Recife is the capital of the state of Pernambuco – known for its beauty, an abundant flora and fauna of tropical climate and, above all, for the production of a distillate called cachaça, obtained from the distillation of cane sugar. Based on this spirit, the famous caipirinha cocktail is prepared, with ice, sugar and lots of green lime.
When one visits Recife, the first thing to ne noticed is the intense heat and humidity. It’s like the essence of summer. Multiplied by two! The city is located on the Atlantic coast. The beaches seduce with their turquoise waters and yellow sand. But, be careful of the sharks. There are signs everywhere to prevent us from attacks.
It is the third largest city in Brazil, after Sao Paulo and Rio de Janeiro. Colorful and noisy, with its old town, and also modern bars and shops. It was the oldest capital of Brazil, founded by the Portuguese in 1537. When the king of Portugal divided Brazil into captaincies, not all prospered, but Pernambuco lived a true golden age with the cultivation of sugarcane.
I had only 24 hours for a historic walk. I recommend you to start with Olinda, with its cobblestone streets and colonial houses of all the colors of the rainbow, declared a World Heritage Site by UNESCO in 1982. Its historic center is considered the best preserved of all colonial Brazil.
Next, you should see the oldest center of Recife itself. Its point of orientation is a monument called Marco Zero. From there you can walk and admire its buildings, bridges, dykes and canals, built in the likeness of Amsterdam, when Recife came under Dutch rule between 1630 and 1654.
One of the obligatory stops is the church of San Antonio with its Golden Chapel. It is one of the most attractive examples of the Baroque style, which astonishes with the decorative details covered with 22-carat gold plates.
After a long walk through the old city, comes the time to taste the local flavors. It is a coastal city, so fish lovers will be delighted. In a restaurant on the waterfront, I immersed myself in a huge pot of clay with a fish that swam in a broth of tomatoes and onions. Really, great with Casillero del Diablo Sauvignon Blanc, but even better with Casillero del Diablo Rosé. Luckily, both wines were available on the wine list.
The main influences of Pernambuco cuisine came directly from Portuguese, African and indigenous cultures, and many recipes have been adapted with ingredients easy to find in the region. The typical dishes of the state reflect that miscegenation, responsible for one of the most creative culinary offerings in Brazil, unique in flavors, colors and aromas.
The day starts with a delicious tapioca pancake with freshly grated coconut and lots of condensed milk. Uff, it’s addictive. The tapioca is made with cassava gum moistened and tempered with salt, which is not rolled, but bent in the middle. They can have an infinity of fillings. The tapiceras (sellers of tapioca) are easily recognizable in the tourist points of the city.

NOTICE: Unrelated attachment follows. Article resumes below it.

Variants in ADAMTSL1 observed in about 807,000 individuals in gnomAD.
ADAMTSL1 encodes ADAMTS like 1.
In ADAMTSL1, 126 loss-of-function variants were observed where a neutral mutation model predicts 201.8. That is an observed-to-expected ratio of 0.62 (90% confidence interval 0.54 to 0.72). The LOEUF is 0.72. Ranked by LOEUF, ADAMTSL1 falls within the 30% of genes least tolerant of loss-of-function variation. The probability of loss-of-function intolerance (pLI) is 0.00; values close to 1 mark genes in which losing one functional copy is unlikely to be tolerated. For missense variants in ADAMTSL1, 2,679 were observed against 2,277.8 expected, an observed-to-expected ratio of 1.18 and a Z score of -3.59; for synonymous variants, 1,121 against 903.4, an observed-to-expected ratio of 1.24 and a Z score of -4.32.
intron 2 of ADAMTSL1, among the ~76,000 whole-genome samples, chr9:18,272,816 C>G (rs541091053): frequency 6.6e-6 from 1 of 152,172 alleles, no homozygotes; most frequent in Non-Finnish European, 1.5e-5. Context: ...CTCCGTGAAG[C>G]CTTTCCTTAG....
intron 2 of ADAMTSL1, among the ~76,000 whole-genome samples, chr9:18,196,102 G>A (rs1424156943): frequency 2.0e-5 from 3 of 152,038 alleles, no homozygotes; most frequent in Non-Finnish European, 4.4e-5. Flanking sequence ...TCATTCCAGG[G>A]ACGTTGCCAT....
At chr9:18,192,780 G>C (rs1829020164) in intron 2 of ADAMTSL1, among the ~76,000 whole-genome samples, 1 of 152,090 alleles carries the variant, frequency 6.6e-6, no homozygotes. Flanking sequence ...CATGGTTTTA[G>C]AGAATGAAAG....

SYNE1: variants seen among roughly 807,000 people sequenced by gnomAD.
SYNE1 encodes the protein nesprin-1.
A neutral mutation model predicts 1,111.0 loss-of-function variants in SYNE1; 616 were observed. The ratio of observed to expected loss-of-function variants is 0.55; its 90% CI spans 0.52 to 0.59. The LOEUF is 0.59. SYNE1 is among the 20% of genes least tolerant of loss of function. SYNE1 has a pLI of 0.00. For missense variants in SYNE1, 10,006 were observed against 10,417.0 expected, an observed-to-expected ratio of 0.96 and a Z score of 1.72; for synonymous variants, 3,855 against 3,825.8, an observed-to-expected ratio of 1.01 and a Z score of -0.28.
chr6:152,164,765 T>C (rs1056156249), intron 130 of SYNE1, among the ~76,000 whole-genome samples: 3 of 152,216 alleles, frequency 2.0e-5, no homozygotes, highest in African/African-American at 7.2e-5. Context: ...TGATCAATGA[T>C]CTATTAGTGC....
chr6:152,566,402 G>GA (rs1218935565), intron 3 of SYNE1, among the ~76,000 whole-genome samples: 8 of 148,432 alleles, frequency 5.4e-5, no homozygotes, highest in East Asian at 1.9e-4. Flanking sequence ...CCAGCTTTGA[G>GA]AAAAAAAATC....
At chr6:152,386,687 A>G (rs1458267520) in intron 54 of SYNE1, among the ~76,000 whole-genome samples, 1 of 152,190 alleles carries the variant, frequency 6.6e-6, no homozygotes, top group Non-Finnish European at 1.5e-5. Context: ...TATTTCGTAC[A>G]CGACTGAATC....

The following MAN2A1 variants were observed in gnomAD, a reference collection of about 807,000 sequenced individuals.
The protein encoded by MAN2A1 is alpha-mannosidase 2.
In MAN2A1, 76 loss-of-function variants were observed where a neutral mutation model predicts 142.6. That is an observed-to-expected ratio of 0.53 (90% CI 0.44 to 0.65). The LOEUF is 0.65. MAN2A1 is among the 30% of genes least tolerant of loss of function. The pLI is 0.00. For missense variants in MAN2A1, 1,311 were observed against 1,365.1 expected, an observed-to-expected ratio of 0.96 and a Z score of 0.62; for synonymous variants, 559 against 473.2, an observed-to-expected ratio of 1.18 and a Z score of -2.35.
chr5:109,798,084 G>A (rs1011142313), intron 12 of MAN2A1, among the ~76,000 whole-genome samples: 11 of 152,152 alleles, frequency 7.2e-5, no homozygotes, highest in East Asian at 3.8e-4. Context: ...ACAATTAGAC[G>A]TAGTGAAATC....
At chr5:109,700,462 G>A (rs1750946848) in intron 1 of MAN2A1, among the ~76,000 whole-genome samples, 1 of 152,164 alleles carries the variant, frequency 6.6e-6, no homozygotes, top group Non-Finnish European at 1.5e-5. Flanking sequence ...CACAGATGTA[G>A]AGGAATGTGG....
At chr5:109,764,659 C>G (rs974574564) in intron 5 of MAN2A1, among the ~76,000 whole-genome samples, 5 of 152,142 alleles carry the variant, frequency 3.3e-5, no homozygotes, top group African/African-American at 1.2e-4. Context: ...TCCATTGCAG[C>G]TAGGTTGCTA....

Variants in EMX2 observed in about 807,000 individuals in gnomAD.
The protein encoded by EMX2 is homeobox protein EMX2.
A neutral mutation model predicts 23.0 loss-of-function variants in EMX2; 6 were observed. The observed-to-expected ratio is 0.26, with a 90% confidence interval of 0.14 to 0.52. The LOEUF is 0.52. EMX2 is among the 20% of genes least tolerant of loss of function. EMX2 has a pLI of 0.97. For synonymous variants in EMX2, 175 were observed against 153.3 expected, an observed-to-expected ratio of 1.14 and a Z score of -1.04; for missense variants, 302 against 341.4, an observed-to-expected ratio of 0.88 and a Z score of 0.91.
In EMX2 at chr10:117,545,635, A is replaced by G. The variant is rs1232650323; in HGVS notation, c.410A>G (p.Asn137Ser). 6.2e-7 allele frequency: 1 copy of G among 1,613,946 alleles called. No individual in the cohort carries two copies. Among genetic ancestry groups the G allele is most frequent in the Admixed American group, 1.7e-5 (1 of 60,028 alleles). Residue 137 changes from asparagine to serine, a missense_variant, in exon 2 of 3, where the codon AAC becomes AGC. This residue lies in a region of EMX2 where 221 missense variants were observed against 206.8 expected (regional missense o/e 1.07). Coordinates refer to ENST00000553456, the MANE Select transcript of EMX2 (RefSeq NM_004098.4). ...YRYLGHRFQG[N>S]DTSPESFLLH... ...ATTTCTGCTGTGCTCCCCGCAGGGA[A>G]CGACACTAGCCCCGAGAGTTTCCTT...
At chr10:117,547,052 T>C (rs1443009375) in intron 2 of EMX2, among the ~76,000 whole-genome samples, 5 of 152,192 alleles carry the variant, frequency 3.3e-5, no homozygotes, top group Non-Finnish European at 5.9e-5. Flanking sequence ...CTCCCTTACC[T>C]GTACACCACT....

One of the most famous dishes of the region is the buchada. It is prepared with the goat stomach stuffed with a chopped mince of blood, intestines and liver, sautéed with mint, lemon, garlic, onion and seasonings. I’m not going to lie to you. I admit that I could not finish it. Be aware of the flavors of the blood, that confer a metallic touch in the mouth. That’s why I recommend this dish with a light and fresh Casillero del Diablo Pinot Noir. It may be one of your favorite pairings.
For lovers of meat and red wine, I propose a pairing of Casillero del Diablo Cabernet Sauvignon and a dish called cambrel or chambaril, which is a type of stew prepared with ossobuco and condiments. It is served with pirón, made with the boiled broth and cassava flour.
Another very interesting dish is the horneado (baked stew), elaborated traditionally with ox ossobuco, pond, bacon and seasoned and cooked sausages, along with sweet potato, cabbage, carrot, ocra and banana, served with white rice and pirón. A divine pairing is with a juicy red like Casillero del Diablo Carmenere.
For all of you with the sweet tooth like me, I have good news. Recife is a true world capital of confectionery. I mention only the mythical Bolo Souza León– one of the most traditional pastries of the Pernambuco cuisine. Its name comes from the family that created the recipe. It has a creamy consistency and is prepared with cassava paste, hot sugar boiler, eggs and butter. With Concha and Toro Late Harvest, naturally!
I was crazy about the cardboard – one of the most popular desserts in Pernambuco gastronomy. It’s very simple. Its preparation consists of fried banana covered with roasted rennet cheese, sprinkled with sugar and cinnamon. There is also a version of the dessert in which a scoop of ice cream is added. With a glass of sparkling wine is a heaven on the palate.
And for wine enthusiasts, the tasting of wines from the San Francisco Valley is a must. This irrigated region, located in an unprecedented latitude in the world wine map, is in the interior of Pernambuco and is responsible for the production of 15% of the national fine wines.
Recife is an excellent option for a summer experience, with good food and surprising pairings.